Baby’s first photo shoot! Photo credit to the talented Shirley Konu of SVH Designs!

Hi everyone! I’m taking a brief hiatus from my monthly update posts for a reason tiny in size but monumental in importance… the birth of my beautiful daughter, Astrid Doreen Lucille Flynn! She was born at 2:00 am on May 26, and the days since have been a total whirlwind. Everyone says time goes by crazy fast when you have a child, and I’m realizing that it’s not just a cliché… it’s very true. Astrid is almost four weeks old now and I have no idea how that happened already!

It’s not usually hard for me to write about anything (generally, it’s the opposite… I have too many words and too many ideas and not enough minutes in the day or space on a page to express them all)! But writing about Astrid and how she has already changed me is difficult to do. I had no idea it was possible to form such an instant, immediate, fierce love and devotion for another person. I had no idea that an adorably gummy little smile would bring tears to my eyes, or that I would wake up in the night just to stare at her and make sure she’s okay, or that rocking her to sleep would be such a feeling of comfort, or that changing a diaper and using less than ten wipes would be a big accomplishment. I had no idea I could function and be productive on so little sleep. (To think I used to need at least eight hours a night… ha!)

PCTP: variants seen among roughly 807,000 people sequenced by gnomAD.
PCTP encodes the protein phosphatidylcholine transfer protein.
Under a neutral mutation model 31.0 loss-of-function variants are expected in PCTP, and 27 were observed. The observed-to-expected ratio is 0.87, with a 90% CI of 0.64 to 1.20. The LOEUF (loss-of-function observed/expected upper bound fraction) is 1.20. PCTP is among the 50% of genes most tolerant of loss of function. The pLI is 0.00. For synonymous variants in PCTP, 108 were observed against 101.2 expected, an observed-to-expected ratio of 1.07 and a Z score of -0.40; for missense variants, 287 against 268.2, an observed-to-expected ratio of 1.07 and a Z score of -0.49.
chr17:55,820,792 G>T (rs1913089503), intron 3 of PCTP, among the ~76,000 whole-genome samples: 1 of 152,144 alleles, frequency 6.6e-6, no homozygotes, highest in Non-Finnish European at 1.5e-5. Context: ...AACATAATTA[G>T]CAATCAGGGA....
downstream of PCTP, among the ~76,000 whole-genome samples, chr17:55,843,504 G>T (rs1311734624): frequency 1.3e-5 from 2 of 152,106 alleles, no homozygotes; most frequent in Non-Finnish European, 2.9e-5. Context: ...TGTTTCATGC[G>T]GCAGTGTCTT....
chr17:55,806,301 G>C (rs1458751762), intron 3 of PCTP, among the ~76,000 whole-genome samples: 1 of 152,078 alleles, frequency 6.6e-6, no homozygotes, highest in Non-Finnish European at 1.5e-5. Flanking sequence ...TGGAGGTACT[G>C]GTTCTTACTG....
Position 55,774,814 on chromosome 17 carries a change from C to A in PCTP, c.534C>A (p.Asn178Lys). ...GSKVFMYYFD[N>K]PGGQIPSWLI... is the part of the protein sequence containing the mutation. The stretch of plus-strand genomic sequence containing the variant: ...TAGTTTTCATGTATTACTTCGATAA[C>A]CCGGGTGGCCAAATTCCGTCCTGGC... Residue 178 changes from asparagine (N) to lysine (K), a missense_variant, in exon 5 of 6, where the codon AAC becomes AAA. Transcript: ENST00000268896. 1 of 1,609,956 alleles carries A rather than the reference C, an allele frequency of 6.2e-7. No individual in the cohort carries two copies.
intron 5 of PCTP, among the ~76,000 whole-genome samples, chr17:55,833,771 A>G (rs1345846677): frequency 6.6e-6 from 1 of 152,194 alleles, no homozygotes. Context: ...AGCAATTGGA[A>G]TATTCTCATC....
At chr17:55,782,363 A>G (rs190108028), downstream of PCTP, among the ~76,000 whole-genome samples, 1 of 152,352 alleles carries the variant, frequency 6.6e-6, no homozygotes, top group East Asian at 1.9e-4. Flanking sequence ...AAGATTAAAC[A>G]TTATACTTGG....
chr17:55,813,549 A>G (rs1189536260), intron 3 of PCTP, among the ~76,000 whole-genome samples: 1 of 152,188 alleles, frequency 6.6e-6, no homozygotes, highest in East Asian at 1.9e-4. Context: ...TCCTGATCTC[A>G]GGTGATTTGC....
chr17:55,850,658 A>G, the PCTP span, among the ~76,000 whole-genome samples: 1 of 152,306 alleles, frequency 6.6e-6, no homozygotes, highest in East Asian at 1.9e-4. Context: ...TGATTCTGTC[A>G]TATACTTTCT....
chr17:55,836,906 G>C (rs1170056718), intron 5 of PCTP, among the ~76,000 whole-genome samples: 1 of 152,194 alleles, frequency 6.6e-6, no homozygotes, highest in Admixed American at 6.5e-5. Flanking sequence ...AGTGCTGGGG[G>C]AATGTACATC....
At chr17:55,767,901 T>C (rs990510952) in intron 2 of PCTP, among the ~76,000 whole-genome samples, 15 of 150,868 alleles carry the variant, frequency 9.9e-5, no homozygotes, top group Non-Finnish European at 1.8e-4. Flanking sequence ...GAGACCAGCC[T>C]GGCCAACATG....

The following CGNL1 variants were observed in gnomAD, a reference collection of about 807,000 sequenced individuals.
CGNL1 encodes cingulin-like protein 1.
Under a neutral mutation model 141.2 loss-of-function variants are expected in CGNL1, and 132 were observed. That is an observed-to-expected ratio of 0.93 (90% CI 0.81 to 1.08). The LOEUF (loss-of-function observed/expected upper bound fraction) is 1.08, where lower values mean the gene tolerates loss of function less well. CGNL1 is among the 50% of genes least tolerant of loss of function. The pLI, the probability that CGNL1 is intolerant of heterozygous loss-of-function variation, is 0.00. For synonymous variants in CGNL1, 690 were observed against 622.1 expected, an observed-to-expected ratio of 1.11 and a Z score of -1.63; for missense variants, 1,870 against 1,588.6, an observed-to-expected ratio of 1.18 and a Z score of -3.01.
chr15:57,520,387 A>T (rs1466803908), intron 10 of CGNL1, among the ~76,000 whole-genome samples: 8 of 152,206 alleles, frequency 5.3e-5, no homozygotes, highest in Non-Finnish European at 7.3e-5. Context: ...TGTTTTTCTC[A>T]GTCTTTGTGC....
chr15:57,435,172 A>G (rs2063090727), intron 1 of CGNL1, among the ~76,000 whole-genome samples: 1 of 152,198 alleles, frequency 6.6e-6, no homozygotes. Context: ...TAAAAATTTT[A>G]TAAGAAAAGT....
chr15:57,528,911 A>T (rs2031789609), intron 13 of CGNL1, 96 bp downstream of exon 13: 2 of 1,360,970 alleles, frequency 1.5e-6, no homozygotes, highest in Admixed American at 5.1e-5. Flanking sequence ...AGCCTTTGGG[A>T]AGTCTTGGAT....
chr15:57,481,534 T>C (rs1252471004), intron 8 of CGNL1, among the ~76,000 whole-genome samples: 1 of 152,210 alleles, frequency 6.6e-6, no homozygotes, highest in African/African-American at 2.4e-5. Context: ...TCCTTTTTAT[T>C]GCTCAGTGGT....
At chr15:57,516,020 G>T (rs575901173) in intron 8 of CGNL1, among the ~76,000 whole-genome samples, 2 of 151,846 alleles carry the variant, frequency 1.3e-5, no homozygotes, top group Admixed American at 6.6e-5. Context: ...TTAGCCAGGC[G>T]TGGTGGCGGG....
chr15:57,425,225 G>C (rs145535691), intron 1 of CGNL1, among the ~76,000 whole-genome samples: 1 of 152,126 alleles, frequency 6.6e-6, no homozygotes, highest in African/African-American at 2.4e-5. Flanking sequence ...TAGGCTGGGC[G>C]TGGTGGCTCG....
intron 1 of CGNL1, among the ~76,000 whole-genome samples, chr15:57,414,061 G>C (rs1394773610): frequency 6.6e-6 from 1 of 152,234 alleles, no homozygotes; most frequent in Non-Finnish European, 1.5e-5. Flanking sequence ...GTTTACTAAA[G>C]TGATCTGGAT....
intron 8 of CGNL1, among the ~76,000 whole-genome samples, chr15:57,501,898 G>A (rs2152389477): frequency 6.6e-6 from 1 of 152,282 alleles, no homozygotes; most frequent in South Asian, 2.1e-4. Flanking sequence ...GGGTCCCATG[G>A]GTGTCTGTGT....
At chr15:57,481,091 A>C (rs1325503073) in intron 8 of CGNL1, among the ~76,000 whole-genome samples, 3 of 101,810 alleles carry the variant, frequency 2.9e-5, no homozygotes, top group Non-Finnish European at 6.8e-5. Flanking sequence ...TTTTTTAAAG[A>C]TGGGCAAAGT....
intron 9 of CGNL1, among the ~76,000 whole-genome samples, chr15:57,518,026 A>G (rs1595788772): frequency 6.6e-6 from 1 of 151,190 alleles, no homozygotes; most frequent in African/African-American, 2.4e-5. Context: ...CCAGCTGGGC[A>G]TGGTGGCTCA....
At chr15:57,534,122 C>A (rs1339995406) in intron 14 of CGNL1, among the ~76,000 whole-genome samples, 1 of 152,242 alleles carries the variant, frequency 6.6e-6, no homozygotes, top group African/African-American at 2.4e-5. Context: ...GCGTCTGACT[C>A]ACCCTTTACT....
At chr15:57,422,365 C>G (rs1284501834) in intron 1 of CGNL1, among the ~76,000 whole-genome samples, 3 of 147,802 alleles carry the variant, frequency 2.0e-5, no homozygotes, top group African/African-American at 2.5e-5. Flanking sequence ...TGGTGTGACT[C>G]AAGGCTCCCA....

While I haven’t been writing much since Astrid arrived, I have been thinking about my writing, and how being the mom of a daughter will influence it. Shortly after Astrid was born and I was holding my baby girl, I realized how much I want to write stories for her, stories with strong female characters she can see herself in. Stories with girls who aren’t perfect, but who are real. Stories with girls who follow their hearts, who are fearless and unafraid of going after their dreams. I want to write stories that will inspire her (when she’s old enough to read them)! And I want to introduce her to books by so many of my talented author friends, who write some seriously authentic and memorable girls. I hope that books are a part of her life, the way they have been such a huge part of mine and helped me discover things about myself. I hope they make her realize there is no dream too big for her.

I’m an unapologetically girly girl. I have a closet devoted solely to dresses and skirts. I love purses and shoes and makeup and spa days, the color pink, girls’ nights spent drinking blush wine and watching Say Yes To The Dress. My lipstick collection is out of control. My Chihuahua owns several dresses that I make her wear. But I have another side. I’m also a daredevil. I also love hiking and being outside and if there’s a body of water to jump into, chances are I’ll be on the highest ledge, ready to dive in. If there’s a new trail to explore, I’m on it. I’ll try almost anything once. Girls don’t have to be one way or the other. Girls can do and be everything. I’m the mom of a girl who is now my everything. I want to show my everything that she can do and be anything. I can start by continuing to live my own dreams and set my own big goals, by not being afraid of that intimidating book idea or venturing outside of my comfort zone. I can live by example, as a strong woman who takes risks, so that she looks up to me.

And I can only hope that in the meantime, when she looks up at me, she keeps giving me those magnificent gummy smiles.